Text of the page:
But these two positions involve a complex series of separate scientific claims—that global temperatures are rising, that humans are primarily responsible, that the results are going to be catastrophic for human life, that rising temperatures can be halted—combined with a series of economic and political propositions. For example: that action to ban fossil fuels would be more efficacious than using the wealth made possibly by fossil fuels to help humans adapt to future climatic changes.
The purpose of the trope is to bypass any meaningful discussion of these separate questions, rolling them all into one package deal–and one political party ticket.
The trick is to make it look as though disagreement on any of these specific questions is equivalent to a rejection of the scientific method and the scientific worldview itself.
Historically, this makes no sense. There are many theories, even in the relatively recent past, that were widely accepted as the scientific “consensus” and later debunked, and there have been many theories initially dismissed by the mainstream as crackpot notions that were later confirmed. Look at the history of plate tectonics, or the solar wind, which both took decades to win acceptance by the mainstream of their fields. Or consider the recent conclusion that research on Alzheimer’s may have been misdirected for decades based on premature adoption of an incorrect theory.
The point isn’t just that scientists can get things wrong. The point is that science is hard.
The scientific method is very powerful, but the questions it is attempting to understand are often extremely complex and intractable. And scientists themselves are human—prone to biases, blind spots, and groupthink. (A geologist recalls, “I had been told as an undergraduate at MIT that good scientists did not work on foolish ideas like continental drift.”)
But when people in politics proclaim “I believe in science” what they’re doing is proclaiming a belief in the current consensus. Do you think Elizabeth Warren and Andrew Yang have given serious study to climate science? No, they believe in global warming and its preferred political solutions because they have been told that a consensus of scientists believes it (and because this belief confirms their own political biases). Notice that Warren’s statement was about a panel of scientists who are skeptical of global warming, led by a distinguished physicist, William Happer. When does a scientist count as someone who “doesn’t believe in science”? When he departs from the “consensus.”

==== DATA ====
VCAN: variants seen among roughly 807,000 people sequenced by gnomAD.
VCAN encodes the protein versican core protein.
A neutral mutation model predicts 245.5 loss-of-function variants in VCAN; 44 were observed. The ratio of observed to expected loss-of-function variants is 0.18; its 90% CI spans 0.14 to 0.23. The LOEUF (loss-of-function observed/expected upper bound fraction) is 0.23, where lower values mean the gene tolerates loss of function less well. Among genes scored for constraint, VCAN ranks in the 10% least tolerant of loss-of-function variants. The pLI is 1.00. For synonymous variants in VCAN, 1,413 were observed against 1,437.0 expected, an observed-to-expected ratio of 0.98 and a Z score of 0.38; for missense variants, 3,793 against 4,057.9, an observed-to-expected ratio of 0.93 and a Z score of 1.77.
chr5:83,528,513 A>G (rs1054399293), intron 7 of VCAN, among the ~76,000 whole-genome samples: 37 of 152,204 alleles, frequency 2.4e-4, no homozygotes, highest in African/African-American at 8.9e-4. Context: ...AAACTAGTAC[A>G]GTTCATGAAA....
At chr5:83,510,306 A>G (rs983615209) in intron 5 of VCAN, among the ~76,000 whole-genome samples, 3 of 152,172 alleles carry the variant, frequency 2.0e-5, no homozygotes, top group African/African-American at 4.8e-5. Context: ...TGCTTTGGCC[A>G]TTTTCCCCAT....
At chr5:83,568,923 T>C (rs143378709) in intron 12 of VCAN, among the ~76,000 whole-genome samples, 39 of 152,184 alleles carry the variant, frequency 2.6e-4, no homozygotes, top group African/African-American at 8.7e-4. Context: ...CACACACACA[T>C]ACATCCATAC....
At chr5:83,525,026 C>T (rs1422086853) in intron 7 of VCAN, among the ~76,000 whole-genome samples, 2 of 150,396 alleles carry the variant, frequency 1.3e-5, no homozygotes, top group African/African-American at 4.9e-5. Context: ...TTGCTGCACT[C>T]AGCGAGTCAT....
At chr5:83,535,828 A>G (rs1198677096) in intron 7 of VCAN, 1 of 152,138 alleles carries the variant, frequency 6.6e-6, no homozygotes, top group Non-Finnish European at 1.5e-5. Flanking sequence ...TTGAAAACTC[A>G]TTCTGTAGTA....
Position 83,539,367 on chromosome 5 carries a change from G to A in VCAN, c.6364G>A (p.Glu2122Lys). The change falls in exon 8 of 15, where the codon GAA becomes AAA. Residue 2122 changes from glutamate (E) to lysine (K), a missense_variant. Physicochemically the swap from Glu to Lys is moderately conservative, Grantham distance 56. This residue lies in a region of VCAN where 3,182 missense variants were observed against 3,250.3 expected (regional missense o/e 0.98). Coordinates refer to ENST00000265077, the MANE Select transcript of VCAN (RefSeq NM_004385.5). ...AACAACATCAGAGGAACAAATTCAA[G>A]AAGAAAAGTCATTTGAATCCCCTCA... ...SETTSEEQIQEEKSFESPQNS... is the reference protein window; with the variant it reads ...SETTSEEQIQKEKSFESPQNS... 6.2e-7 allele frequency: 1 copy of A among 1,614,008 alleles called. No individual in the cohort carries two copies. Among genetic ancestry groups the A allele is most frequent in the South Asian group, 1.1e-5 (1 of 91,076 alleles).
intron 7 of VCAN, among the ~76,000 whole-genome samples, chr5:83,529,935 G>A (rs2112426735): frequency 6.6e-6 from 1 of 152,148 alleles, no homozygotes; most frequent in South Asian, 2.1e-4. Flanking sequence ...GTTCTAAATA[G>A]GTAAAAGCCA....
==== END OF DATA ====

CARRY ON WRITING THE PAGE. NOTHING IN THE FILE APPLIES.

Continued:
The people who say this sort of thing probably don’t know it, but they are parroting the legacy of 20th-Century philosopher of science Thomas Kuhn, who is responsible for elevating consensus over evidence. He argued that evidence and experiments could not distinguish between true and false theories because scientists would always spin and rationalize the results away, making ad hoc adjustments to their theories to support their predetermined scientific loyalties. As an analysis of consensus gone wrong, this was pretty much correct. But Kuhn argued that this was the only way science could work, that there was no objective means of solving disagreements, that the change from an old theory to a new one cannot be “forced by logic and neutral experience.” So a scientific revolution or “paradigm shift”—he coined the term—was always at root a matter of changing social consensus.
Like I said, this is an excellent description of a scientific consensus gone wrong. And that’s what leads us back to the real meaning of “I believe in science.” It is a way of declaring one’s loyalty to a social consensus. In Andrew Yang’s case, it’s a way of telling his audience that he was literally born and bred in the right social group, the one that preens itself on a very self-conscious image of being “pro-science” and uses this to differentiate itself from it political rivals, whom it casts as obscurantist religious fanatics who are “anti-science.”
That’s what I mean when I say that this is an homage given to science by people who generally don’t understand much about it. Science is used here not to describe specific methods or theories, but to provide a badge of tribal identity.
Which serves, ironically, to demonstrate a lack of interest in the guiding principles of actual science.